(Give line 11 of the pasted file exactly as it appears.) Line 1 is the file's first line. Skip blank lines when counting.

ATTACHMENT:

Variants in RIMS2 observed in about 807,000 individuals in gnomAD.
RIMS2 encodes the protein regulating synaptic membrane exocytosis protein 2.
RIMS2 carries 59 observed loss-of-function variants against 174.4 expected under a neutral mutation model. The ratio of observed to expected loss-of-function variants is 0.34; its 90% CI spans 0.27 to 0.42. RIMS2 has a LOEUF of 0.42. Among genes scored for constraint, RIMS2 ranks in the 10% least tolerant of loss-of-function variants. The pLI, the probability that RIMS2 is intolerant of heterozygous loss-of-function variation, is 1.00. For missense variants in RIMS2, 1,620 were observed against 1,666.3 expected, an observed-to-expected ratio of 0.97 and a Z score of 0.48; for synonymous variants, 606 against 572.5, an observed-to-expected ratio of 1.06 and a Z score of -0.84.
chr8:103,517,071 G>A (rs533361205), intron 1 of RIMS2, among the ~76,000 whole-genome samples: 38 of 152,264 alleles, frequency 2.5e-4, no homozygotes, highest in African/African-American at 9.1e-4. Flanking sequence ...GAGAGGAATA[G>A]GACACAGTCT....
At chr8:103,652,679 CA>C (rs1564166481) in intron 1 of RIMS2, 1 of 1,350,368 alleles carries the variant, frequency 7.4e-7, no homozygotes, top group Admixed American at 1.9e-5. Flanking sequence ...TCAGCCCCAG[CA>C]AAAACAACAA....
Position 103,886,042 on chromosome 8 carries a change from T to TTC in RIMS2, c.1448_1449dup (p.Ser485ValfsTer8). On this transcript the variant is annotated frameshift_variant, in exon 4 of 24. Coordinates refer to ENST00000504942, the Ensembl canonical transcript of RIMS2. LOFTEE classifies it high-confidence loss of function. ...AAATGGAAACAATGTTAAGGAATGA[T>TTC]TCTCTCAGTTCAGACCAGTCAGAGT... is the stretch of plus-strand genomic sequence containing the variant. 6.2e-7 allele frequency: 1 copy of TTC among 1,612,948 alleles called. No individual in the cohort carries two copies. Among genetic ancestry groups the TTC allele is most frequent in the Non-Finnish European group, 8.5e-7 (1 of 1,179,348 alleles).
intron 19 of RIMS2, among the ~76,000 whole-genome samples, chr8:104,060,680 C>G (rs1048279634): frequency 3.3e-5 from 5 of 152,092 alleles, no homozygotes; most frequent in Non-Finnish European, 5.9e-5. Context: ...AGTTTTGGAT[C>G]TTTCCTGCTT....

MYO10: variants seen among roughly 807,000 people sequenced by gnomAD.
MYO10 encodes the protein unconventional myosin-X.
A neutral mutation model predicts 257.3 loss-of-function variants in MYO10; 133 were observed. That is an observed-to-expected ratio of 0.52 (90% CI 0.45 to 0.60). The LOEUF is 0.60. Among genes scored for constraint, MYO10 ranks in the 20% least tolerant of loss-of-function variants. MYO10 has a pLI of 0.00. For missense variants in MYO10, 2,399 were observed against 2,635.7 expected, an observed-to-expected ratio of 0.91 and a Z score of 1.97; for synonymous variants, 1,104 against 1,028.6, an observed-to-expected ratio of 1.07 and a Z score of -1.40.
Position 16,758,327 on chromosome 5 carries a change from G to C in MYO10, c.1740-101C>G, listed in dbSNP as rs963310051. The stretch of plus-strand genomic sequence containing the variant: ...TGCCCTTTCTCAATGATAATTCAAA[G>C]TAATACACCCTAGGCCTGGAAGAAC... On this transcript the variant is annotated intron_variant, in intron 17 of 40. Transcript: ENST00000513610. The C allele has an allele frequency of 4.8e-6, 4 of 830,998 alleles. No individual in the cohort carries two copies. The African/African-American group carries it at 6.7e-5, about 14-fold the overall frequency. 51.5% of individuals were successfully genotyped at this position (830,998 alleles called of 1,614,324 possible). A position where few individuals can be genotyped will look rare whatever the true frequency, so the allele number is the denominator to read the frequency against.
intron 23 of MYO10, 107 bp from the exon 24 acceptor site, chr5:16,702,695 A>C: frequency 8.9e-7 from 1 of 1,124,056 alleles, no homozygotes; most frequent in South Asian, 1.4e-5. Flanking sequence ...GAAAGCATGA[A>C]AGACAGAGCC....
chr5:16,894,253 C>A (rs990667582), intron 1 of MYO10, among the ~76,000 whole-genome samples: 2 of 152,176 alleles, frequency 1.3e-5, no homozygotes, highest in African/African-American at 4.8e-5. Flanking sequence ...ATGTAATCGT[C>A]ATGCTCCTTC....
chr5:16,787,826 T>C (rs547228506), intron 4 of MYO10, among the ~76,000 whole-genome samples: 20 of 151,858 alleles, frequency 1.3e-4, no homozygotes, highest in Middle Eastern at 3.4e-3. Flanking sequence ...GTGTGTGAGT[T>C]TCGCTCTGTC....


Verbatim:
Position 16,758,327 on chromosome 5 carries a change from G to C in MYO10, c.1740-101C>G, listed in dbSNP as rs963310051. The stretch of plus-strand genomic sequence containing the variant: ...TGCCCTTTCTCAATGATAATTCAAA[G>C]TAATACACCCTAGGCCTGGAAGAAC... On this transcript the variant is annotated intron_variant, in intron 17 of 40. Transcript: ENST00000513610. The C allele has an allele frequency of 4.8e-6, 4 of 830,998 alleles. No individual in the cohort carries two copies. The African/African-American group carries it at 6.7e-5, about 14-fold the overall frequency. 51.5% of individuals were successfully genotyped at this position (830,998 alleles called of 1,614,324 possible). A position where few individuals can be genotyped will look rare whatever the true frequency, so the allele number is the denominator to read the frequency against.